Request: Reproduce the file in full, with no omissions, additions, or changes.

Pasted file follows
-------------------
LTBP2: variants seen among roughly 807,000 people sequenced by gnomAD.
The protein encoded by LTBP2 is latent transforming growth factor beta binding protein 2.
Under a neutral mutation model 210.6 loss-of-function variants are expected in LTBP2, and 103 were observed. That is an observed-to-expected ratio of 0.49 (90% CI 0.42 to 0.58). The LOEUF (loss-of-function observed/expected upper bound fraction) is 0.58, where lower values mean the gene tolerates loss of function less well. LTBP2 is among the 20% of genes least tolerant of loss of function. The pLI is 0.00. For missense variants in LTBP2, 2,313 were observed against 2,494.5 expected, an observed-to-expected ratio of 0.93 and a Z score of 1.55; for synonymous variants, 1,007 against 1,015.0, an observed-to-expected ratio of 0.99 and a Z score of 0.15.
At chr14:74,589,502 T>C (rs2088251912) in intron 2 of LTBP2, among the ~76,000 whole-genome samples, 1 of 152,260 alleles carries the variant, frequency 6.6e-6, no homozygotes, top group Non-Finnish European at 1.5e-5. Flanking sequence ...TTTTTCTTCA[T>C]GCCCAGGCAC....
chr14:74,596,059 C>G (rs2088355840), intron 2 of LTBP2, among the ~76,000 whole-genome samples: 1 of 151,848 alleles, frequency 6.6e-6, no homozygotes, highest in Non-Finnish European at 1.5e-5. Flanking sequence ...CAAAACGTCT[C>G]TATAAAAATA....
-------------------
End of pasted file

LTBP2: variants seen among roughly 807,000 people sequenced by gnomAD.
The protein encoded by LTBP2 is latent transforming growth factor beta binding protein 2.
Under a neutral mutation model 210.6 loss-of-function variants are expected in LTBP2, and 103 were observed. That is an observed-to-expected ratio of 0.49 (90% CI 0.42 to 0.58). The LOEUF (loss-of-function observed/expected upper bound fraction) is 0.58, where lower values mean the gene tolerates loss of function less well. LTBP2 is among the 20% of genes least tolerant of loss of function. The pLI is 0.00. For missense variants in LTBP2, 2,313 were observed against 2,494.5 expected, an observed-to-expected ratio of 0.93 and a Z score of 1.55; for synonymous variants, 1,007 against 1,015.0, an observed-to-expected ratio of 0.99 and a Z score of 0.15.
At chr14:74,589,502 T>C (rs2088251912) in intron 2 of LTBP2, among the ~76,000 whole-genome samples, 1 of 152,260 alleles carries the variant, frequency 6.6e-6, no homozygotes, top group Non-Finnish European at 1.5e-5. Flanking sequence ...TTTTTCTTCA[T>C]GCCCAGGCAC....
chr14:74,596,059 C>G (rs2088355840), intron 2 of LTBP2, among the ~76,000 whole-genome samples: 1 of 151,848 alleles, frequency 6.6e-6, no homozygotes, highest in Non-Finnish European at 1.5e-5. Flanking sequence ...CAAAACGTCT[C>G]TATAAAAATA....